By hashing, do you mean current best practice (bcrypt, scrypt, or possibly a pbkdf with high work factor), or something easily brute forced like MD5 and SHA1. There are issues with migration if you're doing the latter, but not a big deal.
Do you have any contractual recourse against the chat provider? Have you considered including such terms in future contracts with partners?
Do you have a security audit firm? There's plenty of value to in-house audits, but some kind of independent audit is probably a reasonable choice. You probably don't have PCI concerns (it's free, right?), but users might feel better about privacy otherwise. Just the existence of an account for a given user is probably an issue for some people, so even foolish things like using the same username on a porn site as on other sites could be a leak -- being able to verify that myhusbandinvirginiasportsfan is a valid user account on youtube would potentially make a divorce attorney very happy.
Would you answer general questions about the site/business, too? The whole porn tube thing seems like a big change in the industry (I was at SHOT Show in Vegas a few weeks ago, and stopped by the concurrent AVN event -- they really hate the tubes). I'm especially curious how you feel about the meta-tube sites (e.g. fantasti.cc) which seem to blatantly scrape youporn (and other tube) content. Preroll ads still show, but nothing else.
We are currently in very close discussions with the 3rd party. In our official statement we purposely did not name them, we don't want to throw them under the bus. Of course we are reviewing all obligations.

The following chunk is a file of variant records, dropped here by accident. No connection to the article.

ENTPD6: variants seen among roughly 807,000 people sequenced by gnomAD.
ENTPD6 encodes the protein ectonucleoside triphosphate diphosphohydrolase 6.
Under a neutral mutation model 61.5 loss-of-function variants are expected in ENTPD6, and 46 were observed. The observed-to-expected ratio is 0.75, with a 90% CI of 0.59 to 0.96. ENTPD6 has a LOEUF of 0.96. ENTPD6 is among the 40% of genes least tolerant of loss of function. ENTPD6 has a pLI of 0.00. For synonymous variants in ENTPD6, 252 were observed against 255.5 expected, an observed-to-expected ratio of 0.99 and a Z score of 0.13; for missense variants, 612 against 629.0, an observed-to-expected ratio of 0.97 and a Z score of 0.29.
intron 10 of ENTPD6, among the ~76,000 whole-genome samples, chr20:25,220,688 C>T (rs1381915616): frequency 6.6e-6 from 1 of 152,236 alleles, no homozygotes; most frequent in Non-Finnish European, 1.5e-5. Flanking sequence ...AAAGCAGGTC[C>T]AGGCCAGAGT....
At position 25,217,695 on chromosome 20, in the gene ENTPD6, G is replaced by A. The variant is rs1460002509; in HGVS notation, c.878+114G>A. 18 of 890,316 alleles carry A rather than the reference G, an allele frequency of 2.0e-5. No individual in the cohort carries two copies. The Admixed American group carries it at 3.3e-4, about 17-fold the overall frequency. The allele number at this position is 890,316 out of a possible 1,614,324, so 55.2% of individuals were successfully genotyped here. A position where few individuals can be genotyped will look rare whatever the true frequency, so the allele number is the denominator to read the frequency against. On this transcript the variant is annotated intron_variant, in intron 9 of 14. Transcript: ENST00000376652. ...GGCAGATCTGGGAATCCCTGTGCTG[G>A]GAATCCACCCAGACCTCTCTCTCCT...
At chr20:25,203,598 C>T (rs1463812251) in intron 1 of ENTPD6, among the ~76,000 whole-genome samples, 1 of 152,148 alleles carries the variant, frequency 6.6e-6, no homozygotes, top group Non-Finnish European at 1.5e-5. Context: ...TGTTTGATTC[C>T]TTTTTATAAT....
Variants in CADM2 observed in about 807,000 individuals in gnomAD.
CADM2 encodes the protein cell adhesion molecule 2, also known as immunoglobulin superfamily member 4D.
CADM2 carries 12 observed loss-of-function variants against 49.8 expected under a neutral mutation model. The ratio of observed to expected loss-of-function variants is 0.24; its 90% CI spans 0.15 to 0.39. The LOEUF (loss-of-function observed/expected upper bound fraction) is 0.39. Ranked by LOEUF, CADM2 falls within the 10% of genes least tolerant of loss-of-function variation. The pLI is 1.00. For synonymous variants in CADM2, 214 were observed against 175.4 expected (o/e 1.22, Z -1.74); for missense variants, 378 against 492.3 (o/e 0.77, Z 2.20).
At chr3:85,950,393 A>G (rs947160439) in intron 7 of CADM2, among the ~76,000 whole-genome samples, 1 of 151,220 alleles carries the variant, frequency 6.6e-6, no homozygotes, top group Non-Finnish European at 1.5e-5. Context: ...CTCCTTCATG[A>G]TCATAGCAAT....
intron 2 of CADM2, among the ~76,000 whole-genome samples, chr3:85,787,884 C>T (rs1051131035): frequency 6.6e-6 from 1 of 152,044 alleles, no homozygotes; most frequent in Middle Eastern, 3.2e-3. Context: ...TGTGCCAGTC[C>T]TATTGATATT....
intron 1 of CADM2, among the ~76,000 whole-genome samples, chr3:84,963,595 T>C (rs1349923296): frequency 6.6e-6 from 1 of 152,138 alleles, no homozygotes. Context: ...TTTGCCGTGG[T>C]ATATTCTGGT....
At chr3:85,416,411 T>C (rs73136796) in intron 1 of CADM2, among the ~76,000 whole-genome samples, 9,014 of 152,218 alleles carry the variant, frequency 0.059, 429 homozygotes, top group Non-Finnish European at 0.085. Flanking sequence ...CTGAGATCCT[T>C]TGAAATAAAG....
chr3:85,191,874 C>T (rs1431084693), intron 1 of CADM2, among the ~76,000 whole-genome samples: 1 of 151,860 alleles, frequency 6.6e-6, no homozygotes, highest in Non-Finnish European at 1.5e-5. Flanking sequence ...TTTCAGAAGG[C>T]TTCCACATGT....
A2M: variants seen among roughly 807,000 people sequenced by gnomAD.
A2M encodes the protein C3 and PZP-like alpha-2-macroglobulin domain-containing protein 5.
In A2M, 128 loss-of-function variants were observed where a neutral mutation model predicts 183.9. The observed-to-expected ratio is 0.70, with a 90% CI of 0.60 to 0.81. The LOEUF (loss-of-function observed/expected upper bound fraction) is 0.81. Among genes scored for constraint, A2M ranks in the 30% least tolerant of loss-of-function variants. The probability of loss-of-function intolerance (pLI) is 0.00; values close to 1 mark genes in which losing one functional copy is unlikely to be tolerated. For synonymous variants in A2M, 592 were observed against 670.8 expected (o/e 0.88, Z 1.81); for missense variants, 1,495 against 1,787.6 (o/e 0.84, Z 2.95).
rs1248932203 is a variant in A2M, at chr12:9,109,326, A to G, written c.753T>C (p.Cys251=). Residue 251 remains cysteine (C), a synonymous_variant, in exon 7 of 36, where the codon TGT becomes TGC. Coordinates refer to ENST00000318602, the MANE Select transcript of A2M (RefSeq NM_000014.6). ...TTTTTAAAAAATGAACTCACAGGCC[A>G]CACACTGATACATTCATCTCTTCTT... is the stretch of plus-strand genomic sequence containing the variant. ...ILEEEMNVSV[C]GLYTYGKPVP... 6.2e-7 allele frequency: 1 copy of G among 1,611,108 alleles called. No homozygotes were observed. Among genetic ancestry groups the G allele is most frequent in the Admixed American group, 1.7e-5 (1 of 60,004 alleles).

We do deal with multiple security firms, and we regularly do security audits (both white and black box audits). We also deal with PCI, because we have paying sites as well, like Brazzers.
We can talk about the industry in general another time, but obviously we believe all types of sites can co-exist.
I'm wondering what sort of time frame you'd be looking at for a single round password, i.e; md5(salt.cleartext)
Salting a hash is meant to stop precisely these attacks, and these numbers were taken for MD5 in particular from:
What's possible for the rest of us? I can use Node.js to encrypt a typical password using PBKDF2(HMAC-SHA1) like so:
crypto.pbkdf2('sconesMultiply51', '0SGrf8KIZ', Math.pow(2, 17), 18, logger)
The above password 'sconesMultiply51' only has 40 bits of unpredictableness, so give me about two weeks, '0SGrf8KIZ', and sha1('0SGrf8KIZsconesMultiply51') and I can quite possibly find 'sconesMultiply51' by brute force on a laptop.
GPUs make things faster. This site:
What's the absolute upper bound? Well, thankfully, the biggest public supercomputers are actually very well-known and published on top500.org. The absolute top of the line today is this beast:
Lessons: (1) you'll be safe for the next 20 years at least if you just get used to
head -c 9 /dev/urandom | base64 | sed 's/+/_/g;s/\//-/g'